The current avalanche danger is MODERATE for the West Central Montana backcountry, human triggered avalanches are possible on specific terrain. Careful evaluation of terrain, weather, and snowpack will be critical as conditions change throughout the day today.
Good morning, this is Logan King with the West Central Montana Avalanche Center’s avalanche advisory for Tuesday, December 27th, 2016. This danger rating does not apply to operating ski areas, expires at midnight tonight and is the sole responsibility of the U.S. Forest Service.
Weather and Snowpack
Over the weekend 6-10 inches of low density snow fell across the advisory area. Winds remained calm through Sunday morning but have climbed back up and are currently gusting into the 20’s from the south. A trace to 3 inches of new snow accumulated overnight and mountain temperatures are currently in the teens.
Yesterday Josh and went to the rattlesnake to see how the new snow was bonding to and affecting the snowpack. We found that the primary concern continues to be windslabs. Of greatest concern will be soft windslabs that formed over the weekend sitting on old hard windslabs that provide a good surface for shear. With variable winds that are fairly sustained windslabs will continue to develop on a variety of aspects and will further stress the snowpack. Winds shifted throughout the storm and windslabs can be found on nearly every aspect and cross loading will be problematic. Carefully evaluate slopes for signs of wind affect before you chose to recreate on them.
The persistent slab problem is moving the right direction as depth hoar is gaining strength and is not as reactive. The persistent weak layers will need more time to settle and gain strength before we can stop identifying them as a problem. Facets will continue to be of concern in areas where the snowpack is shallower or stressed from the new load and will require careful evaluation.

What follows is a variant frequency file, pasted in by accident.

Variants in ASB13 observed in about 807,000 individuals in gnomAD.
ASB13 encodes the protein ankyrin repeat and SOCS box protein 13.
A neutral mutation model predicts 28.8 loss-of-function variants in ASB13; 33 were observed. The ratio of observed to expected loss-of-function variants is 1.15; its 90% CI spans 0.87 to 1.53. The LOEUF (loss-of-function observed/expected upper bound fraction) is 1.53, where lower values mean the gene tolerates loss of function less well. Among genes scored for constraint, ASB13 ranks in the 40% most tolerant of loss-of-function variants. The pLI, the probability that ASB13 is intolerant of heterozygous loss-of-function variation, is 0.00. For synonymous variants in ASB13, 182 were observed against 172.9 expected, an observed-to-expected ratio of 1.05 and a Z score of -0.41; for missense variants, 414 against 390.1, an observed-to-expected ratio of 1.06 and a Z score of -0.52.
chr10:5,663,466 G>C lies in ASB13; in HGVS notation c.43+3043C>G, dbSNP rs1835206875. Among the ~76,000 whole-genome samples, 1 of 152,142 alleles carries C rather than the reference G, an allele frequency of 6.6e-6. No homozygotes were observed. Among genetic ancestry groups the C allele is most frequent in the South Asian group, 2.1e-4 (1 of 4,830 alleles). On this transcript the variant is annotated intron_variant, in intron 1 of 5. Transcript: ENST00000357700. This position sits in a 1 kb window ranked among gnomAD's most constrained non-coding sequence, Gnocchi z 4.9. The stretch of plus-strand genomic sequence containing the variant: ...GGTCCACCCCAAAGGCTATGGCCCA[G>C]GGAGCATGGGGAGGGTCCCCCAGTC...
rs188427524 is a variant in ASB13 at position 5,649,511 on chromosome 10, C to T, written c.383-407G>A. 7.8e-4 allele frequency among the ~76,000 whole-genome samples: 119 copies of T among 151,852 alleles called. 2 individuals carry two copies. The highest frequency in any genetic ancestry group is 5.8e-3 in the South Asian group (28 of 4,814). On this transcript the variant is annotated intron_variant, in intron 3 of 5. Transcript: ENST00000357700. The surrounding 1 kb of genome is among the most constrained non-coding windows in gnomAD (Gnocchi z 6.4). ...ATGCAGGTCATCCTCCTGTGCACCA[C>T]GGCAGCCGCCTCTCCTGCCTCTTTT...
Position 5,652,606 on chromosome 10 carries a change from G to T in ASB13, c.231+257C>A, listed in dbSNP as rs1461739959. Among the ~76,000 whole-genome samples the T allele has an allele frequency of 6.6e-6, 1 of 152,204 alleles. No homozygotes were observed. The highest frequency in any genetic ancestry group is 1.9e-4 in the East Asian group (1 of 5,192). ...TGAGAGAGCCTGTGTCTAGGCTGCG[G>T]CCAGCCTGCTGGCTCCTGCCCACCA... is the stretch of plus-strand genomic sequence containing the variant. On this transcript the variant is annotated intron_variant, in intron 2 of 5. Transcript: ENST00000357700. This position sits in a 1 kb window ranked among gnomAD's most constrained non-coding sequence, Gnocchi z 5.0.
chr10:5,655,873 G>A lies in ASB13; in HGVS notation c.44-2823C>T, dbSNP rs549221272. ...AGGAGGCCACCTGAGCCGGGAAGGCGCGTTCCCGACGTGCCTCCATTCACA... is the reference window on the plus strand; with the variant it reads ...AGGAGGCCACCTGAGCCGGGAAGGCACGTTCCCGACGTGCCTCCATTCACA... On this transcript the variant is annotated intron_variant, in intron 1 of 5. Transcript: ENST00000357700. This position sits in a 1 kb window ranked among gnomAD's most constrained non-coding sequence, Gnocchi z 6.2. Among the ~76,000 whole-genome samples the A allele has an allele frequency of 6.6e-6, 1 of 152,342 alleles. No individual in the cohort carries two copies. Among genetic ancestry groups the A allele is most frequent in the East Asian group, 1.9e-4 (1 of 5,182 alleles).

Loose snow avalanches are also a concern as the new low density snow will likely be moving on the snow surface in steeper terrain. Be cautious of any terrain traps that will increase the consequences of getting caught in a loose snow or sluff avalanche.
The beacon park at Snowbowl is now operational, so get out and practice with your beacons.
Avalanche and Weather Outlook
Mountain snow and and strong winds looks to develop through today bringing anywhere from 3-12″ inches of snow by tomorrow. Watch the falling snow as it will add stress to the snowpack and if significant accumulations occur give the snow a few days to settle and adjust to the new load. Snow will continue through tonight and into tomorrow but the bulk of the snow looks to come today and tonight. With good accumulation and winds in the 50+mph range expected in the mountains, avalanche danger will increase significantly in the next 24-48 hours.
The next advisory will be issued on Thursday, December 29th, 2016.
Ski and ride safe.